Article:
More sustainable sludge digestion helps water companies become more sustainable

Every wastewater treatment plant produces sludge. Wet biowaste treatment is difficult and that makes it an expensive joke for water companies. According to RoyalHaskoningDHV, it can even reach 70 percent of operating costs for some companies. Anglian Water’s hydrolysis technology reduces these costs and ensures a lower CO2 footprint.

Mud problem

Worldwide, nearly 6 billion tonnes of sludge are produced annually, for example in the form of sewage sludge or manure. There is no good way to treat wet biowaste for a long time. That’s why (and in some places in the world: is) it gets dumped in a landfill, for example, and it’s far from ideal. This is because the sludge can ferment there, releasing a lot of methane. And methane contributes about 25 times more to climate change than CO2.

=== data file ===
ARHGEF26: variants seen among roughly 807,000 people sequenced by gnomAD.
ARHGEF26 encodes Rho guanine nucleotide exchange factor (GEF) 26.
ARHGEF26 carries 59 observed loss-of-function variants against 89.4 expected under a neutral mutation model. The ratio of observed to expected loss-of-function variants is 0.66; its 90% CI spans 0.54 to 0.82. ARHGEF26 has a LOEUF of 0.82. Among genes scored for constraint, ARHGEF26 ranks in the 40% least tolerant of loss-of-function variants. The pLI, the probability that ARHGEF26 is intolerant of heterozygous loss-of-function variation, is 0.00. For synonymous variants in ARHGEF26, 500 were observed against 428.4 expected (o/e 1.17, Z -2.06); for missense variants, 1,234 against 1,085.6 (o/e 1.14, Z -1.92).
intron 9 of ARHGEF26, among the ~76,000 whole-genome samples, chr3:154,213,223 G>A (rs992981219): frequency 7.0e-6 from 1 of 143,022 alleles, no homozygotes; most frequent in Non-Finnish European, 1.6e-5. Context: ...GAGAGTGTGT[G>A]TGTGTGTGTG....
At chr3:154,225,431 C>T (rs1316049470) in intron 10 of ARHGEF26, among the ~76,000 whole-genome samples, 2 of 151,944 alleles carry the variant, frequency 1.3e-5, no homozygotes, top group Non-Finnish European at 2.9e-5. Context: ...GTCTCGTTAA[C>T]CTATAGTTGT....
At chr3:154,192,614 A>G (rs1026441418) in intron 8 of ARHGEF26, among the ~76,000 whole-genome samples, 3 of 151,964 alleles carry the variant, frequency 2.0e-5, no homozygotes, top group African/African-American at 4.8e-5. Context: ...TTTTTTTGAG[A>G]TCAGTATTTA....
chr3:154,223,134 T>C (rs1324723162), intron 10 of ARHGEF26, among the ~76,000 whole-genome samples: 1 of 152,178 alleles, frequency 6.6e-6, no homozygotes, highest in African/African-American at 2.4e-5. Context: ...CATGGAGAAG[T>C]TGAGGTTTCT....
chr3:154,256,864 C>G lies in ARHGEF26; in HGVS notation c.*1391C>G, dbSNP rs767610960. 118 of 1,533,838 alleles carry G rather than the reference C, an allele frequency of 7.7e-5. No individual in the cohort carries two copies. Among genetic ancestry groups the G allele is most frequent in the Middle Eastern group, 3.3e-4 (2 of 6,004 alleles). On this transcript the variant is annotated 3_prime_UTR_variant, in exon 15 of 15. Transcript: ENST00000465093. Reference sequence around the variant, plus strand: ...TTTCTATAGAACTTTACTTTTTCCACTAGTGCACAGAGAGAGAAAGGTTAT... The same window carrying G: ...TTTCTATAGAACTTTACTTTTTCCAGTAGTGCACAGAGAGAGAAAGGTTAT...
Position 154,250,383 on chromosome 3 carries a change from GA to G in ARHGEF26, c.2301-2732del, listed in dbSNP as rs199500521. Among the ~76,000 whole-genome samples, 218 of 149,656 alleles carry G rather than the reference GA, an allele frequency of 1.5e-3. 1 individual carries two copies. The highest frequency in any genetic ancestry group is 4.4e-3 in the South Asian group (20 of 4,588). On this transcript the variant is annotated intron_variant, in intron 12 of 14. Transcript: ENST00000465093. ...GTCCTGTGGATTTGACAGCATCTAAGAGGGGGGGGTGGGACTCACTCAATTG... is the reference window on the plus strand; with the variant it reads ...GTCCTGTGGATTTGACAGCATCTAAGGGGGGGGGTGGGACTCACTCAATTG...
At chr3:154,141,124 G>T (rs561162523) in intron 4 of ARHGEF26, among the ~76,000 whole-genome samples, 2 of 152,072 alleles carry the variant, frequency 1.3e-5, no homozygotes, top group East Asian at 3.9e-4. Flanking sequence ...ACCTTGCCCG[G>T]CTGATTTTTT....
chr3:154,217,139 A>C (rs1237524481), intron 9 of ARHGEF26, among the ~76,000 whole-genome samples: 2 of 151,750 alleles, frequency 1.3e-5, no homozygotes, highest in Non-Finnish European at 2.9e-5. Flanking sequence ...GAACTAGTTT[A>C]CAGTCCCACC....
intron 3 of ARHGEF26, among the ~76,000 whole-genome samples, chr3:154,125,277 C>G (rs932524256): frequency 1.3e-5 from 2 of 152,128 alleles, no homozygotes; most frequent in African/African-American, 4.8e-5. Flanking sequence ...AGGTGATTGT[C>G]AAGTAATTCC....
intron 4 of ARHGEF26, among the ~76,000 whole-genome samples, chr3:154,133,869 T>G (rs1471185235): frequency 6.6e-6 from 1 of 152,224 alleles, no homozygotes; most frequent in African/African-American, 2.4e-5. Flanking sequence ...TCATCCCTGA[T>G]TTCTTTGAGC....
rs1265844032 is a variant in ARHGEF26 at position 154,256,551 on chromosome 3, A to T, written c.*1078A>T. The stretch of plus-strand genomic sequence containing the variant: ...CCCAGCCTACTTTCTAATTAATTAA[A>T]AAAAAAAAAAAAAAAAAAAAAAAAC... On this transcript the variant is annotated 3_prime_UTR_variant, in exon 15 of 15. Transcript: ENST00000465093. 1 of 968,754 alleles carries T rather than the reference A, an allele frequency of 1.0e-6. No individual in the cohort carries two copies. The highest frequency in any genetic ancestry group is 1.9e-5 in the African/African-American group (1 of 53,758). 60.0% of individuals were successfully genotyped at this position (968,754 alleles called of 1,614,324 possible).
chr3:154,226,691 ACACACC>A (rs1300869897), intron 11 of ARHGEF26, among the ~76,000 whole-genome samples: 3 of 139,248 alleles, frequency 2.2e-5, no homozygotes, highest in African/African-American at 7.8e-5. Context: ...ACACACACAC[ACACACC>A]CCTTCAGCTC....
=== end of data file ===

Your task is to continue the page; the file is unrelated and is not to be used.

Another method that is often used to remove sludge is combustion. But that’s not a good solution either. Sludge is made up of about 80 percent water, which makes its combustion extremely energy efficient.

More biogas

But the sludge can also be used for biogas production, by fermentation. More and more water companies are working with this, for example at the sewage treatment plant in Nieuwegein. Anglian Water has a method to maximize biogas production from sludge. British water companies are already implementing this so-called hph technology in four locations. According to the company, biogas production at this location is 12.5 percent higher than the location with a conventional digester.

Anglian Waters improves the remaining sludge into high quality raw materials that can be used as soil improvers in agriculture.

Rebecca Burke

"Coffee trailblazer. Analyst. General music geek. Bacon maven. Devoted organizer. Incurable internet ninja. Entrepreneur."

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